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Facebook bans Myanmar military in wake of coup

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Facebook banned Myanmar’s military and military-controlled state media entities from its platform, the company said Wednesday evening, in the wake of a coup earlier this month. 

The update, including a ban on ads from commercial entities linked to the military, follows restrictions Facebook put in place to reduce the distribution of content of pages run by Myanmar’s military after the country’s democratic government was overthrown.

“Events since the February 1 coup, including deadly violence, have precipitated a need for this ban. We believe the risks of allowing the Tatmadaw on Facebook and Instagram are too great,” Facebook’s director of policy for Asia-Pacific emerging countries, Rafael Frankel, said in the updated blog post, referring to Myanmar’s military. 

Facebook said it will use a 2019 report from the United Nations Fact-Finding Mission on Myanmar to guide its efforts to prohibit commercial entities linked to the military from advertising on the platform. 

The ban will remain in effect indefinitely, Facebook said. 

The platform said its decision was guided by the Myanmar military’s history of “exceptionally severe human rights abuses,” as well as the likelihood that online threats could lead to offline harm. Additionally, Facebook cited “ongoing violations” of the military-linked accounts, including efforts to reconstitute networks of coordinated inauthentic behavior that were previously removed.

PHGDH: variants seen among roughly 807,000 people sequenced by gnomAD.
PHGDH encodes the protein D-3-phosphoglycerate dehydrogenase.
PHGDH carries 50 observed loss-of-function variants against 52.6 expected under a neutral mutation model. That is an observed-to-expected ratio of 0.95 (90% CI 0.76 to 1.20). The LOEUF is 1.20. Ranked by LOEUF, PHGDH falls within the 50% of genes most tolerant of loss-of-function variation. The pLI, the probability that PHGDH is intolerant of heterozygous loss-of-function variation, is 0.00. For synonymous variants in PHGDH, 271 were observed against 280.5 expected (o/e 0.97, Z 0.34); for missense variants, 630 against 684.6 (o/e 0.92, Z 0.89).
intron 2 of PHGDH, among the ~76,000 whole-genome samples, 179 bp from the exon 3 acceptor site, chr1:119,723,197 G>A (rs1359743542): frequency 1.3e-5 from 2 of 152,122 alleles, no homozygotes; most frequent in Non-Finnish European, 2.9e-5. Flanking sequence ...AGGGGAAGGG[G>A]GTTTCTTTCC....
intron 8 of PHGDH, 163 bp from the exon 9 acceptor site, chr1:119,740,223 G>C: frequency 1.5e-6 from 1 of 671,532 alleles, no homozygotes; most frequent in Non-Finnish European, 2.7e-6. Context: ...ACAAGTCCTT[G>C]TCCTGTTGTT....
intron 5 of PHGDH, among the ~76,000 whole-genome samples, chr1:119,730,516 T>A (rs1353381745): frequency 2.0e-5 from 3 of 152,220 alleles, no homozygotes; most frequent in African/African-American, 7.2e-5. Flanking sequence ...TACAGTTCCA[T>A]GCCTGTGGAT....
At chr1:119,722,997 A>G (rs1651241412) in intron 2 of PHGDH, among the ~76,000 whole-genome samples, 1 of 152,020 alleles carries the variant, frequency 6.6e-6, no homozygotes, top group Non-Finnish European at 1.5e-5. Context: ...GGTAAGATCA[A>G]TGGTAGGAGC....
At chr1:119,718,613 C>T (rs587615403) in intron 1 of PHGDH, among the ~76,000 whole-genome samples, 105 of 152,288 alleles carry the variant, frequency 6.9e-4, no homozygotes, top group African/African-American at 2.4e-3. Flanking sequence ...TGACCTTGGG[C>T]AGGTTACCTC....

The ban does not cover government ministries and agencies, Facebook noted. 

The United Nations released a report in 2018 about the mass fleeing of more than 700,000 Rohingya people from Myanmar. On year earlier, the U.N. high commissioner had called the military’s efforts, which led to the death of thousands of Rohingya and forced hundreds of thousands to flee, a “textbook example of ethnic cleansing.” 

The platform cracked down on some accounts associated with Myanmar’s military after the 2018 report and has since taken more efforts to block and remove accounts linked to the military and a military-owned telecom services provider. 

Facebook has faced scrutiny for years over the platform being used as a tool to help spread misinformation and fuel violence against the Rohingya. 

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